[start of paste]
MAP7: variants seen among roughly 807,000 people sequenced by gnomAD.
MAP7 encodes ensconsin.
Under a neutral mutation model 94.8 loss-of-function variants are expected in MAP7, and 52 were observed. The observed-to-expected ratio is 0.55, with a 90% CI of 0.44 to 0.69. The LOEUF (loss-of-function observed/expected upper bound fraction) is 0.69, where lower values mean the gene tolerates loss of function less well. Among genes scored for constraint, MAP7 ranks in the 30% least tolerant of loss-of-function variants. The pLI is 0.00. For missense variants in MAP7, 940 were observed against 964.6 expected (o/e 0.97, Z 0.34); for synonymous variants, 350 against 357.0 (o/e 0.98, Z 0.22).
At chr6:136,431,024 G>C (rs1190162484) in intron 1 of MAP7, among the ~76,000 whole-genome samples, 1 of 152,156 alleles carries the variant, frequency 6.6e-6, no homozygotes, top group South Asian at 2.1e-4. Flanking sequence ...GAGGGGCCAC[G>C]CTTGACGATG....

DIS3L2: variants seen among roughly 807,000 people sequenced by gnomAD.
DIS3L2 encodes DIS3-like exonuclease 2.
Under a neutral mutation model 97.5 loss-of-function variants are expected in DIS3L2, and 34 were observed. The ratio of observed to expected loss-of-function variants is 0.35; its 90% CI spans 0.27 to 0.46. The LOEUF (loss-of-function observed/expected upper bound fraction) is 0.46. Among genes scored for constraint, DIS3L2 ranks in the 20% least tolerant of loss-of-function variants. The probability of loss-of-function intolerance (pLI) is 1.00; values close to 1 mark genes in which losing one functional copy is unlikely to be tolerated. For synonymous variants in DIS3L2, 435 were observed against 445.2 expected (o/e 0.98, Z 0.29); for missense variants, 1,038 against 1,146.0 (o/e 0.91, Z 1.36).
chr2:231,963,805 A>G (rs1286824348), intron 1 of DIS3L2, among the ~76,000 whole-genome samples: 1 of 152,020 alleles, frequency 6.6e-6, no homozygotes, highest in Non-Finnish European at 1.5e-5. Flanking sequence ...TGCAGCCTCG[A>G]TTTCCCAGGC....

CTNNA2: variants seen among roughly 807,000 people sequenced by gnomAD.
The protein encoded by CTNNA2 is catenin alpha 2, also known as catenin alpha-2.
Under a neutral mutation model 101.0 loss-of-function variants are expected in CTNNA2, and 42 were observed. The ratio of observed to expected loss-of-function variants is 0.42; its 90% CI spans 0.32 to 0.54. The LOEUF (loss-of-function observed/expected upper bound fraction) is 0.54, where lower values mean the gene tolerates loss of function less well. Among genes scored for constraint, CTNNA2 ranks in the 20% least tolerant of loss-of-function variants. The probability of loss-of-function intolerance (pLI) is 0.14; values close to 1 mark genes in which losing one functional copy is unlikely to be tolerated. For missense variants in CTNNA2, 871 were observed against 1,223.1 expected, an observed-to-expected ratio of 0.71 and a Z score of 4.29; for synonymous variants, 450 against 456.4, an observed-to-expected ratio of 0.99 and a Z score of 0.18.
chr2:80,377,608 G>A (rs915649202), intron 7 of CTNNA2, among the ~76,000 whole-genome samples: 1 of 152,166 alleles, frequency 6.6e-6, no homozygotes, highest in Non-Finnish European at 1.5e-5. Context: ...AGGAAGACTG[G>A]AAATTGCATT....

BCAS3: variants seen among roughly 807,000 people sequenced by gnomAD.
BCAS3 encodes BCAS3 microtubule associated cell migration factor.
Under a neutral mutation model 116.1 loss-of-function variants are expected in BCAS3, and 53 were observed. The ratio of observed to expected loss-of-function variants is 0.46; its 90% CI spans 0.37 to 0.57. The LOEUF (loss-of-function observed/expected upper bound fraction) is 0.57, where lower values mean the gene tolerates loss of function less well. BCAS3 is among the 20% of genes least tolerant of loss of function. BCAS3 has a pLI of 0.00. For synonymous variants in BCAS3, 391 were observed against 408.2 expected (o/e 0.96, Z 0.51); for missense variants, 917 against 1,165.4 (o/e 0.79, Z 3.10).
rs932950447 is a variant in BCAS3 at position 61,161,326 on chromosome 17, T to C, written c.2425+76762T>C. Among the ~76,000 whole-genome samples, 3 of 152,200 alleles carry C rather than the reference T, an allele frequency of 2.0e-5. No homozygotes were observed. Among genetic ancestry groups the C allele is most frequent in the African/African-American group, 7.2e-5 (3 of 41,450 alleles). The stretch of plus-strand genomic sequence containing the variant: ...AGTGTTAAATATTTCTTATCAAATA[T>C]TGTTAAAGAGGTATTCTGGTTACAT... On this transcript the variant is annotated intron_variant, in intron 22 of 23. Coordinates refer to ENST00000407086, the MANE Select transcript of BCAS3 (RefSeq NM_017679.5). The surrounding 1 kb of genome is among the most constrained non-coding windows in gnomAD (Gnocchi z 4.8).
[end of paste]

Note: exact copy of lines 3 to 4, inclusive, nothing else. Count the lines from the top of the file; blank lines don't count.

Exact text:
Under a neutral mutation model 94.8 loss-of-function variants are expected in MAP7, and 52 were observed. The observed-to-expected ratio is 0.55, with a 90% CI of 0.44 to 0.69. The LOEUF (loss-of-function observed/expected upper bound fraction) is 0.69, where lower values mean the gene tolerates loss of function less well. Among genes scored for constraint, MAP7 ranks in the 30% least tolerant of loss-of-function variants. The pLI is 0.00. For missense variants in MAP7, 940 were observed against 964.6 expected (o/e 0.97, Z 0.34); for synonymous variants, 350 against 357.0 (o/e 0.98, Z 0.22).
At chr6:136,431,024 G>C (rs1190162484) in intron 1 of MAP7, among the ~76,000 whole-genome samples, 1 of 152,156 alleles carries the variant, frequency 6.6e-6, no homozygotes, top group South Asian at 2.1e-4. Flanking sequence ...GAGGGGCCAC[G>C]CTTGACGATG....